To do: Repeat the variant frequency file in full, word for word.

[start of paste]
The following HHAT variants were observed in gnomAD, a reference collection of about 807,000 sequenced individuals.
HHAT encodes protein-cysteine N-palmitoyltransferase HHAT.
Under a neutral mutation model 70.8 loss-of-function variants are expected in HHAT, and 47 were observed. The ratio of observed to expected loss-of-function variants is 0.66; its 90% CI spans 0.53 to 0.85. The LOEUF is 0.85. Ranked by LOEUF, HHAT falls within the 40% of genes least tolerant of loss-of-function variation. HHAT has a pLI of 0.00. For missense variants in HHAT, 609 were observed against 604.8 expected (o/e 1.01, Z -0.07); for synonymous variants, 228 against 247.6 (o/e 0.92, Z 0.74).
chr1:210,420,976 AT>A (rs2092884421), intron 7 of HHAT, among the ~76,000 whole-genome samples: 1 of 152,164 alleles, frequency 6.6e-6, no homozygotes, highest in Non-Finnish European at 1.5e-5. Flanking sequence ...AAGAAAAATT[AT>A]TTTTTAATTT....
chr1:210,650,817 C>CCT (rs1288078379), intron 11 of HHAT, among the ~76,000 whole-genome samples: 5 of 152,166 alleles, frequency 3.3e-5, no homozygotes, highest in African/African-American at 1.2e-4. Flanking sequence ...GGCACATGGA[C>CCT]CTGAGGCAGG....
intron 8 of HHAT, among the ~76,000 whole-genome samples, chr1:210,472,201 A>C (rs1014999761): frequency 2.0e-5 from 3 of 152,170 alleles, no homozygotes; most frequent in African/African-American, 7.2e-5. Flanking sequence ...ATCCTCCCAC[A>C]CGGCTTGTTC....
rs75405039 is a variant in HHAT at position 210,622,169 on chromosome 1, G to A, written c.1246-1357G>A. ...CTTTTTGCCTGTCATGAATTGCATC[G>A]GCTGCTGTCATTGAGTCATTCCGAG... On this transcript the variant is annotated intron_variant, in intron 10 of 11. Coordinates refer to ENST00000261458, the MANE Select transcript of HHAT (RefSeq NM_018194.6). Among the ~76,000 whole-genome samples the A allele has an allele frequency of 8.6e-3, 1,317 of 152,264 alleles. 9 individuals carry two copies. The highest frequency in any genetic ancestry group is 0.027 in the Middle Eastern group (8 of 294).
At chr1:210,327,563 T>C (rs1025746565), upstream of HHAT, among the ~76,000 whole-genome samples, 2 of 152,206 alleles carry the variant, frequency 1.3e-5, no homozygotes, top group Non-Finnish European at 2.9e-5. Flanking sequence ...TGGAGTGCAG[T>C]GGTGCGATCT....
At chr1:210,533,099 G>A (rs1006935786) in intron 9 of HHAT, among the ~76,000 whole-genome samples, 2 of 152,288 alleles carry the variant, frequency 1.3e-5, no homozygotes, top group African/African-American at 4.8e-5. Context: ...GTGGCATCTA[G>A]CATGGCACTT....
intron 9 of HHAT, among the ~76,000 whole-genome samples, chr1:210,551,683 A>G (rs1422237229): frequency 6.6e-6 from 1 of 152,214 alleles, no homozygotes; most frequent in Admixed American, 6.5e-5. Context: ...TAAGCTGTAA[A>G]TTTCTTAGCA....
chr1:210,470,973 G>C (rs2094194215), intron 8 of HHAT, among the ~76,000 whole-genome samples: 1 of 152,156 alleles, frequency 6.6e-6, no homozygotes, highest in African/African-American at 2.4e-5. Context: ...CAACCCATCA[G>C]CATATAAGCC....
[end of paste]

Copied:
The following HHAT variants were observed in gnomAD, a reference collection of about 807,000 sequenced individuals.
HHAT encodes protein-cysteine N-palmitoyltransferase HHAT.
Under a neutral mutation model 70.8 loss-of-function variants are expected in HHAT, and 47 were observed. The ratio of observed to expected loss-of-function variants is 0.66; its 90% CI spans 0.53 to 0.85. The LOEUF is 0.85. Ranked by LOEUF, HHAT falls within the 40% of genes least tolerant of loss-of-function variation. HHAT has a pLI of 0.00. For missense variants in HHAT, 609 were observed against 604.8 expected (o/e 1.01, Z -0.07); for synonymous variants, 228 against 247.6 (o/e 0.92, Z 0.74).
chr1:210,420,976 AT>A (rs2092884421), intron 7 of HHAT, among the ~76,000 whole-genome samples: 1 of 152,164 alleles, frequency 6.6e-6, no homozygotes, highest in Non-Finnish European at 1.5e-5. Flanking sequence ...AAGAAAAATT[AT>A]TTTTTAATTT....
chr1:210,650,817 C>CCT (rs1288078379), intron 11 of HHAT, among the ~76,000 whole-genome samples: 5 of 152,166 alleles, frequency 3.3e-5, no homozygotes, highest in African/African-American at 1.2e-4. Flanking sequence ...GGCACATGGA[C>CCT]CTGAGGCAGG....
intron 8 of HHAT, among the ~76,000 whole-genome samples, chr1:210,472,201 A>C (rs1014999761): frequency 2.0e-5 from 3 of 152,170 alleles, no homozygotes; most frequent in African/African-American, 7.2e-5. Flanking sequence ...ATCCTCCCAC[A>C]CGGCTTGTTC....
rs75405039 is a variant in HHAT at position 210,622,169 on chromosome 1, G to A, written c.1246-1357G>A. ...CTTTTTGCCTGTCATGAATTGCATC[G>A]GCTGCTGTCATTGAGTCATTCCGAG... On this transcript the variant is annotated intron_variant, in intron 10 of 11. Coordinates refer to ENST00000261458, the MANE Select transcript of HHAT (RefSeq NM_018194.6). Among the ~76,000 whole-genome samples the A allele has an allele frequency of 8.6e-3, 1,317 of 152,264 alleles. 9 individuals carry two copies. The highest frequency in any genetic ancestry group is 0.027 in the Middle Eastern group (8 of 294).
At chr1:210,327,563 T>C (rs1025746565), upstream of HHAT, among the ~76,000 whole-genome samples, 2 of 152,206 alleles carry the variant, frequency 1.3e-5, no homozygotes, top group Non-Finnish European at 2.9e-5. Flanking sequence ...TGGAGTGCAG[T>C]GGTGCGATCT....
At chr1:210,533,099 G>A (rs1006935786) in intron 9 of HHAT, among the ~76,000 whole-genome samples, 2 of 152,288 alleles carry the variant, frequency 1.3e-5, no homozygotes, top group African/African-American at 4.8e-5. Context: ...GTGGCATCTA[G>A]CATGGCACTT....
intron 9 of HHAT, among the ~76,000 whole-genome samples, chr1:210,551,683 A>G (rs1422237229): frequency 6.6e-6 from 1 of 152,214 alleles, no homozygotes; most frequent in Admixed American, 6.5e-5. Context: ...TAAGCTGTAA[A>G]TTTCTTAGCA....
chr1:210,470,973 G>C (rs2094194215), intron 8 of HHAT, among the ~76,000 whole-genome samples: 1 of 152,156 alleles, frequency 6.6e-6, no homozygotes, highest in African/African-American at 2.4e-5. Context: ...CAACCCATCA[G>C]CATATAAGCC....